Television just became a less charmingly weird place.

According to Deadline, AMC has cancelled its sun-soaked dramedy Lodge 49 after two seasons. Lodge 49 season 2 concluded on October 14 with something of a cliffhanger. Now it remains to be seen if the adventures of Dud, Liz, and the rest of Lodge 49‘s Long Beach will get to finish their stories elsewhere.

“We are so proud to have had Lodge 49 on our air,” AMC said Tuesday in a statement. “This wonderful show gave audiences fresh and unforgettable characters in a world that did not exist anywhere else on television. Thanks to the stellar cast including Wyatt Russell, Sonya Cassidy and Brent Jennings and to our partners in this unique labor of love, Jim Gavin, Peter Ocko and Paul Giamatti for two remarkable seasons that initiated the world into The Ancient and Benevolent Order of the Lynx.”

Lodge 49 was created by longtime fiction writer Jim Gavin and produced by Gavin, Peter Ocko, and Paul Giamatti. It was a “modern fable” that told the story of optimistic yet wayward surfer Sean “Dud” Dudley (Wyatt Russell) finding meaning and a meaningful community in lodge 49 of the fraternal organisation “Order of the Lynx.” But the show truly defied easy description, combining a realistic portrayal of a dying company town with some elements of prophecy and magical realism.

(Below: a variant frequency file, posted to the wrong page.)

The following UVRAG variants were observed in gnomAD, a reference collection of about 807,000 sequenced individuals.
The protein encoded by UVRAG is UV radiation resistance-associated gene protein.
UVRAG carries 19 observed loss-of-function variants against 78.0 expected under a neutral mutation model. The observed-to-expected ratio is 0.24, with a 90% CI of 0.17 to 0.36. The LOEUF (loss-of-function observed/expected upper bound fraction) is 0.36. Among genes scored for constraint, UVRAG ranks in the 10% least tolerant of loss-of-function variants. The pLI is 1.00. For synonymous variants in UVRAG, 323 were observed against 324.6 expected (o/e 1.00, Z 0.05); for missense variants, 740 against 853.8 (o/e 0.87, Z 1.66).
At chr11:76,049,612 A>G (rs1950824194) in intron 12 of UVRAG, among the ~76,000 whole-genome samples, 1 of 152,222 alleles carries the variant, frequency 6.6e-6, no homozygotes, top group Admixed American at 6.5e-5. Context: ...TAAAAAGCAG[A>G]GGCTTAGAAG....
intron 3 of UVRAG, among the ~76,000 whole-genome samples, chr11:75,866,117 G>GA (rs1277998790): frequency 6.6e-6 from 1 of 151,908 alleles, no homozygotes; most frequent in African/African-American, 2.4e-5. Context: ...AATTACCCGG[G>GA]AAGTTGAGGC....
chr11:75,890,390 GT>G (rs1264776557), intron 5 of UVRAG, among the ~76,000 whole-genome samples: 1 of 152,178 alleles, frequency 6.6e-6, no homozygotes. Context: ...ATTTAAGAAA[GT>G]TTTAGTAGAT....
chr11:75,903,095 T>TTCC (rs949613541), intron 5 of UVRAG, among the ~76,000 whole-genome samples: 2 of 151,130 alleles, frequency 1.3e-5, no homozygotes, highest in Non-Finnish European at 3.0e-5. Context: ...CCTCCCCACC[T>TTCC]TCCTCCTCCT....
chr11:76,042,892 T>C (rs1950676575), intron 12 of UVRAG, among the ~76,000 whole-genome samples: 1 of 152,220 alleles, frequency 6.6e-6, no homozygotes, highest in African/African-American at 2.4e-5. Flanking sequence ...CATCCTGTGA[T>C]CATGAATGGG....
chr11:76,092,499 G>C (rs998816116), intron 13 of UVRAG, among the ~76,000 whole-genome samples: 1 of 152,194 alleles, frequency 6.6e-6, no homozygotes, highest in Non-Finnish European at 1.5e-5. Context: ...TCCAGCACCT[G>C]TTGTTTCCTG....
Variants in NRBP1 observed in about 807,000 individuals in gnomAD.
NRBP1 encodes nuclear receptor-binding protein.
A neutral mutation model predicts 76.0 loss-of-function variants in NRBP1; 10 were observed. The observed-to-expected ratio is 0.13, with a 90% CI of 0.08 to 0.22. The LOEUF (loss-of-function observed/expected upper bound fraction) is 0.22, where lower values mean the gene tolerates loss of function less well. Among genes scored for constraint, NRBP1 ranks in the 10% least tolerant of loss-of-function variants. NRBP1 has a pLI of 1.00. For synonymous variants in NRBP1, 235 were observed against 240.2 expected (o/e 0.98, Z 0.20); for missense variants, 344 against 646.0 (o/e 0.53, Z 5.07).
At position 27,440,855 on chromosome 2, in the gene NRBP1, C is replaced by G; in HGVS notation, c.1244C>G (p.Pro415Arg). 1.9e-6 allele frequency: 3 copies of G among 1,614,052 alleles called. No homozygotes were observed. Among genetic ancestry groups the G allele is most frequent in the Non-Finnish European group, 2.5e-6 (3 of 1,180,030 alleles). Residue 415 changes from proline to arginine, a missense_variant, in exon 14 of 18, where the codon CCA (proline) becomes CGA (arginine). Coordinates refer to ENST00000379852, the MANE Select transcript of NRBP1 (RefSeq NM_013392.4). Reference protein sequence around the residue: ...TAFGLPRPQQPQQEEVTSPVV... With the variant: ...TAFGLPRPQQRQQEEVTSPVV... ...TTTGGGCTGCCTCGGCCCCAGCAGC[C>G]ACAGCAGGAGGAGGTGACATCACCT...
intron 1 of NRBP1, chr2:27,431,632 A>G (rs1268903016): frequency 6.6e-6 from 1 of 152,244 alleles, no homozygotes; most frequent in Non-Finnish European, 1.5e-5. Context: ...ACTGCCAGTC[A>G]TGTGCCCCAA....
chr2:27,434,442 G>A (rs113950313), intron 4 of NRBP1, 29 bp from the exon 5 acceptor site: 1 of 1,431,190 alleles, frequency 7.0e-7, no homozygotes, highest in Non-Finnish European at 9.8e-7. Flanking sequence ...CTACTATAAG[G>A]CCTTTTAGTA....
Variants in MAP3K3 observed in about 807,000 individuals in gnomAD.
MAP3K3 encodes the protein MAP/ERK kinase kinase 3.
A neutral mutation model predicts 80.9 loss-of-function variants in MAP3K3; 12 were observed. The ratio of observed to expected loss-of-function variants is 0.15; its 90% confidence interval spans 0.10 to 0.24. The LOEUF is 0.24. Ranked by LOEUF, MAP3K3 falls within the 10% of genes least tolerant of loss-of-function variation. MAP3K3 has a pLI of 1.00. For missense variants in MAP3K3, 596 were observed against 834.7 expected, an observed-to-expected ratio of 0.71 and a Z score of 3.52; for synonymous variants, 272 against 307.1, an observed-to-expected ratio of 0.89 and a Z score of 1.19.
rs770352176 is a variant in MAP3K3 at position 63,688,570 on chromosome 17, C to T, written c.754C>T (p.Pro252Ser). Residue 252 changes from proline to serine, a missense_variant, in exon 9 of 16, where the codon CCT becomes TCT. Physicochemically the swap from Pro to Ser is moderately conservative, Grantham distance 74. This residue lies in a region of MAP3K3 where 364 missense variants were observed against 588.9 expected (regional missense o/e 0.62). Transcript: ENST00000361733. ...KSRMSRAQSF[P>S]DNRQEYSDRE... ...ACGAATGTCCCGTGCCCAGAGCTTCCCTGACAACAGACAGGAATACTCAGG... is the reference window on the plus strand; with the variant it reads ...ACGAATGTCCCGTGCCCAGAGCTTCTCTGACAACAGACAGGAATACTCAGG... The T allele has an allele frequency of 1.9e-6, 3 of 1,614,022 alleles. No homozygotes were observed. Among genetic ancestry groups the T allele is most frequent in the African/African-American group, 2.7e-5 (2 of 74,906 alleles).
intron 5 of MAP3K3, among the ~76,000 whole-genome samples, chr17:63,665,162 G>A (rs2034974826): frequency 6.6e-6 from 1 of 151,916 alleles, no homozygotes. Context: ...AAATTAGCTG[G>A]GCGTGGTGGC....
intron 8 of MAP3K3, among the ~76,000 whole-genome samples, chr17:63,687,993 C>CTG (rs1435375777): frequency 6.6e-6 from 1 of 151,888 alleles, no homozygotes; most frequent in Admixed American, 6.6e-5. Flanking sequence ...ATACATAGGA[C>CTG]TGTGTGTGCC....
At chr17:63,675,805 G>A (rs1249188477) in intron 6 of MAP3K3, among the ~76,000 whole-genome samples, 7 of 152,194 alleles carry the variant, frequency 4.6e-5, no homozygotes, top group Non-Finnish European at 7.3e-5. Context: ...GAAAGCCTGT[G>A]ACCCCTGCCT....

Lodge 49 was designed to tell an elemental fantasy story of knights, witches, and quests in a modern context. Ultimately, however, it was about community, as evidenced by season 2’s final few episodes in which the lodge bands together to liberate some sacred “scrolls” from an auction in Mexico.

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Deadline reports that producers Gavin, Ocko, and Giamatti have every intention of shopping future seasons of the show to another network or streaming service. Given, the competitive state of the television industry and the fact that Lodge 49 hails from AMC Studios, this could be a tall task. Still, its relatively small fanbase could prove passionate enough for another company to take a flier on it.

Either way, the dream of Harwood Fritz Merrill should live on. Get working on those real life lodges, people.



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